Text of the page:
The security risks of open source software

The allure of using open source software is easy to see. Not only are these programs often free for organizations, but they also can utilize innovations from software designers around the world. While there may be something almost utopian-sounding about the idea of free collaboration creating a widely available tech product, open source software all too often comes loaded with challenges and risks. Simply put, using applications with significant amounts of their code available for free is a boon for hackers, just like it is for businesses. 

A growing trend

Over the past few years, companies that use the open source model have grown in number, begun offering more software options and seen an increase in downloads. According to one report, almost every ecosystem has recorded impressive growth in open source registries, with Maven Central reporting a 102% increase in 2018 alone.

Many traditional software developers have also developed parts of the open source business model. Rather than simply selling a software program, companies will make a program's basic features available for free, and then require payment to access the full version and its more advanced features.

The end result of all of this growth and change is that more programs are available for free or a limited price than ever before. What could possibly be the problem with that? 

Hacking risks 

On the surface, open source programs may seem safer than proprietary ones. Since programmers can look at the software's code, whether they work for the company that made it or not, more experts have in theory looked for defects or security risks. However, this is not always the case. The loose structure and public nature of open source software is a double-edged sword.

There are no agreed-upon quality standards for open source software. As a result, while many programs have been extremely well-vetted, others are riddled with potential weak points.

Though pen source programs are written in a wide variety of programming languages, a large number are written with Java, which is particularly easy to access and opens the door to many potential risks. One of the first open-source coding platforms out there, Java is in dire need of modernization, and though still common and enhanced with various patches it still has significant vulnerabilities.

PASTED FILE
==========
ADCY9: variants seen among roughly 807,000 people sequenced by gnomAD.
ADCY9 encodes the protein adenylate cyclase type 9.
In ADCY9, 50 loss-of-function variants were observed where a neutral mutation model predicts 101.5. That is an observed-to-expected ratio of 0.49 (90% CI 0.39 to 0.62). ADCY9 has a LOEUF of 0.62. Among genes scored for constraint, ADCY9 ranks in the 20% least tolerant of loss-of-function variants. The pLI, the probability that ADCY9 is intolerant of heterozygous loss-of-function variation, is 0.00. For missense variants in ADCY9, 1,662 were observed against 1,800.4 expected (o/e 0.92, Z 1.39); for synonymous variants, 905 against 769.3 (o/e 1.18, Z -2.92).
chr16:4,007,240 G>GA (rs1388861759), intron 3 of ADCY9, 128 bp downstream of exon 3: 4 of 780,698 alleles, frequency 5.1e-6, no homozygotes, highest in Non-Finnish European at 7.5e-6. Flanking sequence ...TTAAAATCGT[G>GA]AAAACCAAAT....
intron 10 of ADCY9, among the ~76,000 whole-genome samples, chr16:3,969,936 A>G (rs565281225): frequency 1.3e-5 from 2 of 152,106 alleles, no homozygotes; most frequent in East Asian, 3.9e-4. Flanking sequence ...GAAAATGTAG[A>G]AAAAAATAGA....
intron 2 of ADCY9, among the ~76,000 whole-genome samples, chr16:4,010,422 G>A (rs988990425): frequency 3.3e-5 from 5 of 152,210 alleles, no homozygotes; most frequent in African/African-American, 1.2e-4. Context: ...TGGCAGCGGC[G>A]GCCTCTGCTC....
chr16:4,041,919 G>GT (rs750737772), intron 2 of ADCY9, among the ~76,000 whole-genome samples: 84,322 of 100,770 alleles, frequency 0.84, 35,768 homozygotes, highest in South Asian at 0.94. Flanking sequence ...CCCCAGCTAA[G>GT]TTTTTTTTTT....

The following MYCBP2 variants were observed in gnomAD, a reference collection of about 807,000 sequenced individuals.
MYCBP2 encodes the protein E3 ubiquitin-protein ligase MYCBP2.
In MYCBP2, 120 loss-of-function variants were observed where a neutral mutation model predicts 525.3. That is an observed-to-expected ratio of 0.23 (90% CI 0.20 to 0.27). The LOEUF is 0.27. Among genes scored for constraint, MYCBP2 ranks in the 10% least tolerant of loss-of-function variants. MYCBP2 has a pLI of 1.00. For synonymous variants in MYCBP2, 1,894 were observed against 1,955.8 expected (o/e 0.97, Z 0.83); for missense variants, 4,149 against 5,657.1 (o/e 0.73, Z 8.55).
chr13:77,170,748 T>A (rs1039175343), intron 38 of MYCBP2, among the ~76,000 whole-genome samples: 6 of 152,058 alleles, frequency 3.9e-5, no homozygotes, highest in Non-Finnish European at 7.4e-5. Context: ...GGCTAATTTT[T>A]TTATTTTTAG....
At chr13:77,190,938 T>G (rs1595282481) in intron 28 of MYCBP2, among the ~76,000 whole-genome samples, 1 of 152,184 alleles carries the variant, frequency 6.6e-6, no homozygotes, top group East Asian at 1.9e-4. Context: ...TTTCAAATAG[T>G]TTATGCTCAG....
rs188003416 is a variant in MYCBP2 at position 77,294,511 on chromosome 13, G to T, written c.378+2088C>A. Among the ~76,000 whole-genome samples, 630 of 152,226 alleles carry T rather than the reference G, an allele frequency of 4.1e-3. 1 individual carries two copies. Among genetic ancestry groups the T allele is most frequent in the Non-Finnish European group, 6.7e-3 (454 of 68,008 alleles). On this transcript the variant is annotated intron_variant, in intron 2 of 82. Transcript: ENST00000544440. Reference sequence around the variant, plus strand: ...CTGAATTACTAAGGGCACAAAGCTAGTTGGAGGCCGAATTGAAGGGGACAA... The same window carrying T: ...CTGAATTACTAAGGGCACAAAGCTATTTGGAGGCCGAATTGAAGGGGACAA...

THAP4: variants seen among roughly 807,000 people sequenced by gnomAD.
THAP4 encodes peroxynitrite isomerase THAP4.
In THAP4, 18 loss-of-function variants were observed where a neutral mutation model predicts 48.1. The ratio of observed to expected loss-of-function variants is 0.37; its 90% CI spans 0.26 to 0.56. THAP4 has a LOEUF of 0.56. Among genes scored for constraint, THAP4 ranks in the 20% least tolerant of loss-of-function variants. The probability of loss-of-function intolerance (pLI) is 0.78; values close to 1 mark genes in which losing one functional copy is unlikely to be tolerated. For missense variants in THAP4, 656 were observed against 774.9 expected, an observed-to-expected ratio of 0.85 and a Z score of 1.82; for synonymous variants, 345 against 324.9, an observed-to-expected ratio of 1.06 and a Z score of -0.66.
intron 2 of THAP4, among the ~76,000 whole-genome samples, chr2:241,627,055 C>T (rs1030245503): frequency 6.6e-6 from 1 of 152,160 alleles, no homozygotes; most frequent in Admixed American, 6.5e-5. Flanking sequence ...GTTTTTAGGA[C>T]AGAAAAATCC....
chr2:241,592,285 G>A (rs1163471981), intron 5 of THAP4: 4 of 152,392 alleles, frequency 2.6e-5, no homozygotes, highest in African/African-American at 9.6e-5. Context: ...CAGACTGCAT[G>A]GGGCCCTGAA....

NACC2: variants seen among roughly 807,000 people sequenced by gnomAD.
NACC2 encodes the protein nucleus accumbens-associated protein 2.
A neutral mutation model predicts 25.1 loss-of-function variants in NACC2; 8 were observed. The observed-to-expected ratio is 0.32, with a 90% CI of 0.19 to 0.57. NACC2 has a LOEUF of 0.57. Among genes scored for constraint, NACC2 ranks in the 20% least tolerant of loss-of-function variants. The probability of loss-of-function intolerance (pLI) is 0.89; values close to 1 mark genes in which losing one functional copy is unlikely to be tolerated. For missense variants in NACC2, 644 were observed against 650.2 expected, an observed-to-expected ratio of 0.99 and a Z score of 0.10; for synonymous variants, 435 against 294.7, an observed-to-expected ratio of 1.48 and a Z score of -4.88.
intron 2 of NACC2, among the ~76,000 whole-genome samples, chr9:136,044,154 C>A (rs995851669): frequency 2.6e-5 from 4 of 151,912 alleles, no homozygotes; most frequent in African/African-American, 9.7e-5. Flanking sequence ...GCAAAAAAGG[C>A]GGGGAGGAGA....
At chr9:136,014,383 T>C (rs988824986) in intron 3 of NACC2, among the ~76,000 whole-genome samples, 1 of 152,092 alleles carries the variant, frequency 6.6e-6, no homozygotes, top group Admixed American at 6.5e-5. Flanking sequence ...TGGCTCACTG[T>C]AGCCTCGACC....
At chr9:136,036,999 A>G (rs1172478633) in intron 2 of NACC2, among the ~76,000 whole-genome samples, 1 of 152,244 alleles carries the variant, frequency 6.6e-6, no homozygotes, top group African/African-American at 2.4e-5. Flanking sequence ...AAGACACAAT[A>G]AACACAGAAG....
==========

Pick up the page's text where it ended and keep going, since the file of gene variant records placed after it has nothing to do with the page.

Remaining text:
Issues may also arise because the creation and review of open source programs is a decentralized process. A lack of overall vision and communication could lead to vulnerabilities in a program's code. In other cases, developers may take pieces of code from an open source component to use in a proprietary program without checking it for vulnerabilities. Your organization may be running applications that use open source tech without knowing it. In some cases, developers may have actually copy and pasted lines of code from an open source program that isn't licensed, making the origins of some ideas in code difficult to trace. This can make it difficult to add patches as they arise.

The loose nature of open source design may also make it challenging to fix any problems that do arise. Since these programs are publicly available there are fewer support resources in place for organizations who have been hacked. Additionally, the fact that patches on open source programs become publicly available on the National Vulnerability Database once ready is actually a possible cause for concern. Because hackers can access these databases too, they easily find the vulnerabilities of organizations that haven't implemented the patch in a timely manner.     

Finding a balance

In many cases, using open source software may be the right call for you and your organization. These programs often function in almost the same way as their proprietary counterparts at only a fraction of the cost. And while proprietary software can come with its own set of drawbacks, the security risks associated with open source can be immense.

If you plan to go the open source method, there are steps you can take to mitigate your risk of being hacked. Always be sure that you are using software that has an established reputation for safety. You can check this by researching the number of bugs that have been fixed on the program and whether there are any open bugs. As open source companies become more and more of a norm in the software industry, the number of well-vetted programs will only continue to grow.  Ultimately, the best course of action, especially when dealing with programs created with Java or other similar languages is to use a terminal emulation platform to help modernize your server.

Here at the Inventu Corporation, we equip organizations of all sizes with a revolutionary terminal emulation tool called the Inventu Flynet Viewer. This solution allows developers to craft reliable and safe software using clean HTML and JavaScript hosted on secure Windows servers. All in all, the Inventu Flynet Viewer supports streamlined IT modernization and meets employer and staff expectations in a way that feels both familiar and simple. Contact us today or review our extensive product catalog to see how Inventu can help you rid your servers and web clients of unsafe Java.